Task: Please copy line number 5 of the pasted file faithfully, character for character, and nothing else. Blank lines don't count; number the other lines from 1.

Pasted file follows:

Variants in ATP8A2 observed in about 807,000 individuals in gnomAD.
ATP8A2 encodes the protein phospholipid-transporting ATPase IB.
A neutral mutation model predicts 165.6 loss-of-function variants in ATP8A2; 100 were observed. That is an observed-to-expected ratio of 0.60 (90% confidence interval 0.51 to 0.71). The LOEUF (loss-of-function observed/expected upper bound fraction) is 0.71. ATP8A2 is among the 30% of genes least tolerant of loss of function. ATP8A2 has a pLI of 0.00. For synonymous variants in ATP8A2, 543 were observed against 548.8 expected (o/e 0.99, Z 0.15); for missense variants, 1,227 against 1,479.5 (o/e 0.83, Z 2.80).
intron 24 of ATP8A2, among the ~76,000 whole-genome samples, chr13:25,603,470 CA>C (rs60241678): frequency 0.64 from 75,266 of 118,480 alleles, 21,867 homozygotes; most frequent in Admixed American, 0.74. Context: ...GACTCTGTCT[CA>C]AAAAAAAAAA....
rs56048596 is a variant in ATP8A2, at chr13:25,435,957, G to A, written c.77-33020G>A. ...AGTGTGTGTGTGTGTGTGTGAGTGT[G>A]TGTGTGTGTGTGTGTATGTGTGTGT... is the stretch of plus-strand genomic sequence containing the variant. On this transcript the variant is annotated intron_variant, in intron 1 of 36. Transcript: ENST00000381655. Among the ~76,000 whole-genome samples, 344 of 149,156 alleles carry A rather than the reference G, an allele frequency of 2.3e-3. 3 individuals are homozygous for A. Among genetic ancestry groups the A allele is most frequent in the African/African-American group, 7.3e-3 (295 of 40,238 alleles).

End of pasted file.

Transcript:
rs56048596 is a variant in ATP8A2, at chr13:25,435,957, G to A, written c.77-33020G>A. ...AGTGTGTGTGTGTGTGTGTGAGTGT[G>A]TGTGTGTGTGTGTGTATGTGTGTGT... is the stretch of plus-strand genomic sequence containing the variant. On this transcript the variant is annotated intron_variant, in intron 1 of 36. Transcript: ENST00000381655. Among the ~76,000 whole-genome samples, 344 of 149,156 alleles carry A rather than the reference G, an allele frequency of 2.3e-3. 3 individuals are homozygous for A. Among genetic ancestry groups the A allele is most frequent in the African/African-American group, 7.3e-3 (295 of 40,238 alleles).